Nighthawk/Chopaka Border Crossing, Washington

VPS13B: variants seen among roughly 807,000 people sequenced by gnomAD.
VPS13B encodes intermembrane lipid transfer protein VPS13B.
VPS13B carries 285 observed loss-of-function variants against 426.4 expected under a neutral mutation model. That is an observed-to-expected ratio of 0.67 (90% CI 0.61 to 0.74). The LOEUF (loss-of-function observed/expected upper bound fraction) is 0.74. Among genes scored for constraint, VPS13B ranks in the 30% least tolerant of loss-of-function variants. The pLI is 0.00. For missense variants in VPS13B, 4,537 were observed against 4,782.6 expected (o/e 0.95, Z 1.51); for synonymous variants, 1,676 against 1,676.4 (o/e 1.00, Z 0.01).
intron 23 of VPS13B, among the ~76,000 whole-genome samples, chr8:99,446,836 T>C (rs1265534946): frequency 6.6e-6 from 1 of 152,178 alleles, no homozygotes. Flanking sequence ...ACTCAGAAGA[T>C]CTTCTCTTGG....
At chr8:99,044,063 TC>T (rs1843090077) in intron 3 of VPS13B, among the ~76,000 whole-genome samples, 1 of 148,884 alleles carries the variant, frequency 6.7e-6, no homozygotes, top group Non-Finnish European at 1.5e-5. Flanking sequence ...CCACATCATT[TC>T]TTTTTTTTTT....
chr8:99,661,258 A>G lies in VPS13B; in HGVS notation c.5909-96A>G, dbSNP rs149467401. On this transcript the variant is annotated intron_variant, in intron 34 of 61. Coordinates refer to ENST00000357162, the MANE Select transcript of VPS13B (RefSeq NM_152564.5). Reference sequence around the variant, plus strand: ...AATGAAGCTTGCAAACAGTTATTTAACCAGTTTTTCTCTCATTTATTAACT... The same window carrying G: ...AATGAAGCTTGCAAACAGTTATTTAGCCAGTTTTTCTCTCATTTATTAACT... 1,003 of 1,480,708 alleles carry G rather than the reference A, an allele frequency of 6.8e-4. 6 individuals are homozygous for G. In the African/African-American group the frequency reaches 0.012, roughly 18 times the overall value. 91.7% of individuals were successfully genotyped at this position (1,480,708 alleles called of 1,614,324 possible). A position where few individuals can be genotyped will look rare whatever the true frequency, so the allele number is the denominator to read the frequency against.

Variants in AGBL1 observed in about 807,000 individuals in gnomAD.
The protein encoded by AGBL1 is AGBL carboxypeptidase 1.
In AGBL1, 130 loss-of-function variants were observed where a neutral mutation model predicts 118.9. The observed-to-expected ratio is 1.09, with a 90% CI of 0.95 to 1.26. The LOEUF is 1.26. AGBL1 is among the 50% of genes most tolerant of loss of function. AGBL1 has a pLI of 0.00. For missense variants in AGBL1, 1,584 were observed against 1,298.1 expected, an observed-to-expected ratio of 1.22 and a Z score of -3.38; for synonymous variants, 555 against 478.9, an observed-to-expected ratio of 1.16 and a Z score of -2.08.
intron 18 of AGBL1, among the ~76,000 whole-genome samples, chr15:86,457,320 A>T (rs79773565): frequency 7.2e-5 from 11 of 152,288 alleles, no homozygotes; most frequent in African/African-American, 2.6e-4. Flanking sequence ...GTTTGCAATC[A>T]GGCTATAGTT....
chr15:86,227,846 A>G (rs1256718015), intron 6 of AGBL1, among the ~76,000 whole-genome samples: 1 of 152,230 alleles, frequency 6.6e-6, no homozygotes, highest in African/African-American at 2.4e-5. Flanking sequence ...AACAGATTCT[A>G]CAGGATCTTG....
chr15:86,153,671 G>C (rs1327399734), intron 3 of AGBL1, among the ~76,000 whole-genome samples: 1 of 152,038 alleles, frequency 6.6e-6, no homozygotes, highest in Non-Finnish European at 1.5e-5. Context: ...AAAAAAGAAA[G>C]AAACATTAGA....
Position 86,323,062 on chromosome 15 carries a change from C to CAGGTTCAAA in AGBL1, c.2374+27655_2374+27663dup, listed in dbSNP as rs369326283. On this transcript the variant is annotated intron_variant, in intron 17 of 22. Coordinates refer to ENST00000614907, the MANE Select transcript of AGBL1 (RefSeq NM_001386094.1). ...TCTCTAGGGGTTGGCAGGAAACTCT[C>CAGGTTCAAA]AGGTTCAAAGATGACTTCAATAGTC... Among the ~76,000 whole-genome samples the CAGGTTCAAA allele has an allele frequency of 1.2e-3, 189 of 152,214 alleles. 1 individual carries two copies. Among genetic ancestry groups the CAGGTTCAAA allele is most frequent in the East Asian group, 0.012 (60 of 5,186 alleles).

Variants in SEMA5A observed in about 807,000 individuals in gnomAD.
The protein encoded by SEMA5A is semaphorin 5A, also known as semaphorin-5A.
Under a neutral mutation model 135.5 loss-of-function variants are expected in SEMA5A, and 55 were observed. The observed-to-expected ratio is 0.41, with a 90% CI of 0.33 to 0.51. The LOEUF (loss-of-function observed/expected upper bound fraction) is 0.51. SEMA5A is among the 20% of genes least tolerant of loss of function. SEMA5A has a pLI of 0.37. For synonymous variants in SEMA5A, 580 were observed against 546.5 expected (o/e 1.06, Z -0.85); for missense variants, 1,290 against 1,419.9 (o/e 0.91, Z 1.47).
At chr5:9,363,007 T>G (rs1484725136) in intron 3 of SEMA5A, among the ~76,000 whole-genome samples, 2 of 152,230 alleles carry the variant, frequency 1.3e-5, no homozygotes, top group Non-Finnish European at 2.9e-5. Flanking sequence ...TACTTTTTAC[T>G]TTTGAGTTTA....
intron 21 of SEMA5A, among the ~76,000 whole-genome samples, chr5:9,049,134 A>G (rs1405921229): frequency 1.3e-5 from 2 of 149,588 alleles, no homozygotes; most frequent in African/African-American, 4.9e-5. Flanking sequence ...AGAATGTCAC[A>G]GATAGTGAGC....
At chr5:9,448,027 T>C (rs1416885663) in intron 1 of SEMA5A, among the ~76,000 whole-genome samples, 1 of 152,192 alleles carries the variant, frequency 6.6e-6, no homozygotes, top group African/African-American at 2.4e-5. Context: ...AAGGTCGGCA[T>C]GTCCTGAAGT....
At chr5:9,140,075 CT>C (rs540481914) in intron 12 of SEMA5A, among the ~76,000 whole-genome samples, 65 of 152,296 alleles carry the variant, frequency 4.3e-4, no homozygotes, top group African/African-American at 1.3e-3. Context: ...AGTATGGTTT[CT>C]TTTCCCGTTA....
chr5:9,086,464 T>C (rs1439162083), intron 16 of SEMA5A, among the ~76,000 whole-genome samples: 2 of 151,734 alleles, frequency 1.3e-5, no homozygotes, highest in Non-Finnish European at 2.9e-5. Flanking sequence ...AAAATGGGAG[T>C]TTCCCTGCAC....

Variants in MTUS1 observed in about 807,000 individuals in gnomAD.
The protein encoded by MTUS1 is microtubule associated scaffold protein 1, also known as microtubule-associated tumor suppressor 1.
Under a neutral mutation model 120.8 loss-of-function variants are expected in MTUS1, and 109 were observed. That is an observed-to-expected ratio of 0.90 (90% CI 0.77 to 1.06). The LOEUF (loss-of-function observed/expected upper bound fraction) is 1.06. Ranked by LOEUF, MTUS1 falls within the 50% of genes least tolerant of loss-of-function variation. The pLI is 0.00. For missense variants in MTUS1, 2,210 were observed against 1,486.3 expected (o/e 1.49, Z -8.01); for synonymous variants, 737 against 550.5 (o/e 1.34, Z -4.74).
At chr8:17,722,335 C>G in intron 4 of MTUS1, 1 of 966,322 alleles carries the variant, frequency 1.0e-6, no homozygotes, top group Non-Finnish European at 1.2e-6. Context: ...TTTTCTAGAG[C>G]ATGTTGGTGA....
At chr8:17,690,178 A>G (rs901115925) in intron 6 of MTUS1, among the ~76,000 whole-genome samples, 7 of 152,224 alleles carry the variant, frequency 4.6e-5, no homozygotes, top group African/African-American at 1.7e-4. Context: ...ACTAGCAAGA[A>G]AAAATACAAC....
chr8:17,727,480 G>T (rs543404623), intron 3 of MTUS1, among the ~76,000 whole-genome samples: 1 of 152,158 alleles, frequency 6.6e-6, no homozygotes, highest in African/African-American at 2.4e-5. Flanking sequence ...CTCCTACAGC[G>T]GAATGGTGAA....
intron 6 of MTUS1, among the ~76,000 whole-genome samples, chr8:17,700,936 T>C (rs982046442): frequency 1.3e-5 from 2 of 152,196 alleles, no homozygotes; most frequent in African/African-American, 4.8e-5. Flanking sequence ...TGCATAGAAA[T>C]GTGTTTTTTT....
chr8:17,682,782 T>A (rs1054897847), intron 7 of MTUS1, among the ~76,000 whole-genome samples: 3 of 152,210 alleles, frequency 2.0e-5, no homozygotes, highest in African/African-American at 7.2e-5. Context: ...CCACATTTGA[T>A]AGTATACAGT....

Though it has a new US Port of Entry building, with just a few cars passing through every day, the Nighthawk/Chopaka crossing is the least busy of all of the crossings in Washington state. West of Nighthawk is the most remote part of the entire boundary of the lower 48 states. It crosses through the Cascade Mountains with peaks close to 9,000 feet high. The next official border crossing point to the west is 125 miles down the line. The 49th Parallel is the international boundary from the Pacific Ocean to Minnesota. Across the top of Washington State it goes through the most remote as well as the most developed portions of the border. American surveyors began work on the 49th Parallel in 1857, starting at the western edge of the state, and heading east to the Continental Divide, taking five years to complete the survey. The reports of the survey were lost in federal bureaucracy, and have never been fully recovered. A new survey was ordered and completed in 1907, resulting in the first cut-line along the 49th, and iron or brass markers installed every mile along the way, until the line meets its end at the Pacific Ocean.